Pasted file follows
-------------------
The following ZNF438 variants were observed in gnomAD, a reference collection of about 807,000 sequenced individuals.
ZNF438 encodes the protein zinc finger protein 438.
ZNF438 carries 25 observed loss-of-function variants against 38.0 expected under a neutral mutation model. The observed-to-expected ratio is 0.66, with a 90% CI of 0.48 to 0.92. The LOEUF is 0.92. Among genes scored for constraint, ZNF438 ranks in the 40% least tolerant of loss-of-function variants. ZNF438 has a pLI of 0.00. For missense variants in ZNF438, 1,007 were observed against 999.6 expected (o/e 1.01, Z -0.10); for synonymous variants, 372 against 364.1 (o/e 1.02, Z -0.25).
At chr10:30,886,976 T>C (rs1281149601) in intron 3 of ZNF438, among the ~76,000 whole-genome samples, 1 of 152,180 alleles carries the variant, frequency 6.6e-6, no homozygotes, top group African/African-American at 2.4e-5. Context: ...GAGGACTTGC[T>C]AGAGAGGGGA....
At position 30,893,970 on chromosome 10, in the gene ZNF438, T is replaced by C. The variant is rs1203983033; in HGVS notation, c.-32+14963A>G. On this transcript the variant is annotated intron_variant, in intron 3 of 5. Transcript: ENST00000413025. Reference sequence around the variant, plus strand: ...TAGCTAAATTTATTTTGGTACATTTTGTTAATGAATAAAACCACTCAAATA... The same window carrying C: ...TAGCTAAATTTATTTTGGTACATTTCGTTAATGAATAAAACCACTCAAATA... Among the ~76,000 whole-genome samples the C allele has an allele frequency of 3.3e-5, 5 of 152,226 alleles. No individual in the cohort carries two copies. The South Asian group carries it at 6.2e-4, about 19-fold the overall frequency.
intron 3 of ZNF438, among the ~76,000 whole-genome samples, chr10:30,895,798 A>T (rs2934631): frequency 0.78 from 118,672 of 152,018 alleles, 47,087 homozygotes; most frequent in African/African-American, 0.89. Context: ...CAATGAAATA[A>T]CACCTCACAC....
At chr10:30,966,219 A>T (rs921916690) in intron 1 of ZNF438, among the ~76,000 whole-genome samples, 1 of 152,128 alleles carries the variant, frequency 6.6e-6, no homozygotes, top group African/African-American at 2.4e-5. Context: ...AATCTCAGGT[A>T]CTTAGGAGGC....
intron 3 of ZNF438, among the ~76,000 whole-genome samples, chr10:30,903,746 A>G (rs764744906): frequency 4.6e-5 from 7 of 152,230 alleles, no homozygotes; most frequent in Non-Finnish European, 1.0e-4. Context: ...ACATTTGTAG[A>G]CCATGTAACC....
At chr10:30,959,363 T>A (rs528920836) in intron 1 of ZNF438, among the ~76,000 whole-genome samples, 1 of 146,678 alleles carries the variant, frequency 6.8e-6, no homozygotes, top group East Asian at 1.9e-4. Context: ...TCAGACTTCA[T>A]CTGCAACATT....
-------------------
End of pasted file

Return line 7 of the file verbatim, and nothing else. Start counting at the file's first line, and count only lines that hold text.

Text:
At chr10:30,966,219 A>T (rs921916690) in intron 1 of ZNF438, among the ~76,000 whole-genome samples, 1 of 152,128 alleles carries the variant, frequency 6.6e-6, no homozygotes, top group African/African-American at 2.4e-5. Context: ...AATCTCAGGT[A>T]CTTAGGAGGC....